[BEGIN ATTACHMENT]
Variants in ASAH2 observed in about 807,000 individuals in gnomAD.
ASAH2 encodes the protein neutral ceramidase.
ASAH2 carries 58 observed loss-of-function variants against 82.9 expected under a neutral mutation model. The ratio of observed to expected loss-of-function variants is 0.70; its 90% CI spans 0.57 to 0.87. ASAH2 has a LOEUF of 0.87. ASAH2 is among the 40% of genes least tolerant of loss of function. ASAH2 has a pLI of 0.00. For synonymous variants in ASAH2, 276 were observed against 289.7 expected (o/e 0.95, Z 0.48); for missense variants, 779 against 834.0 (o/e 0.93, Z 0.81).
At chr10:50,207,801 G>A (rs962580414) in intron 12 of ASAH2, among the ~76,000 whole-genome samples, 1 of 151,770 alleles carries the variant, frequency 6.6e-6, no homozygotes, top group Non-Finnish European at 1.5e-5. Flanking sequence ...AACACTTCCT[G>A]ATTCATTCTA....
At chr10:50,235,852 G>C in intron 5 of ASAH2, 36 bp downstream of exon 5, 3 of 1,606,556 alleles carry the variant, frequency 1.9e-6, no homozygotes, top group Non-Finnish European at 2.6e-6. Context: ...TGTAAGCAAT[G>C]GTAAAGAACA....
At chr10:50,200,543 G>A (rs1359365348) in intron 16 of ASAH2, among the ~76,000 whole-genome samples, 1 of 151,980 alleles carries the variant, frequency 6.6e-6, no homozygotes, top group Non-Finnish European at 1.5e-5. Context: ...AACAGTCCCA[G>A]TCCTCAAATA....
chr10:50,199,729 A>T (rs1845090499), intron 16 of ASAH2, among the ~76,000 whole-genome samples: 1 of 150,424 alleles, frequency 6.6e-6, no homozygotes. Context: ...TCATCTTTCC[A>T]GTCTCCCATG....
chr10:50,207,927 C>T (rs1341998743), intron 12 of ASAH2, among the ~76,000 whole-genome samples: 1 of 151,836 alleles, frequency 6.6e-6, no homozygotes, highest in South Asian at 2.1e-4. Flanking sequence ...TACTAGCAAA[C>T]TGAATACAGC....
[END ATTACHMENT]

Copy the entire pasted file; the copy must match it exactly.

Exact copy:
Variants in ASAH2 observed in about 807,000 individuals in gnomAD.
ASAH2 encodes the protein neutral ceramidase.
ASAH2 carries 58 observed loss-of-function variants against 82.9 expected under a neutral mutation model. The ratio of observed to expected loss-of-function variants is 0.70; its 90% CI spans 0.57 to 0.87. ASAH2 has a LOEUF of 0.87. ASAH2 is among the 40% of genes least tolerant of loss of function. ASAH2 has a pLI of 0.00. For synonymous variants in ASAH2, 276 were observed against 289.7 expected (o/e 0.95, Z 0.48); for missense variants, 779 against 834.0 (o/e 0.93, Z 0.81).
At chr10:50,207,801 G>A (rs962580414) in intron 12 of ASAH2, among the ~76,000 whole-genome samples, 1 of 151,770 alleles carries the variant, frequency 6.6e-6, no homozygotes, top group Non-Finnish European at 1.5e-5. Flanking sequence ...AACACTTCCT[G>A]ATTCATTCTA....
At chr10:50,235,852 G>C in intron 5 of ASAH2, 36 bp downstream of exon 5, 3 of 1,606,556 alleles carry the variant, frequency 1.9e-6, no homozygotes, top group Non-Finnish European at 2.6e-6. Context: ...TGTAAGCAAT[G>C]GTAAAGAACA....
At chr10:50,200,543 G>A (rs1359365348) in intron 16 of ASAH2, among the ~76,000 whole-genome samples, 1 of 151,980 alleles carries the variant, frequency 6.6e-6, no homozygotes, top group Non-Finnish European at 1.5e-5. Context: ...AACAGTCCCA[G>A]TCCTCAAATA....
chr10:50,199,729 A>T (rs1845090499), intron 16 of ASAH2, among the ~76,000 whole-genome samples: 1 of 150,424 alleles, frequency 6.6e-6, no homozygotes. Context: ...TCATCTTTCC[A>T]GTCTCCCATG....
chr10:50,207,927 C>T (rs1341998743), intron 12 of ASAH2, among the ~76,000 whole-genome samples: 1 of 151,836 alleles, frequency 6.6e-6, no homozygotes, highest in South Asian at 2.1e-4. Flanking sequence ...TACTAGCAAA[C>T]TGAATACAGC....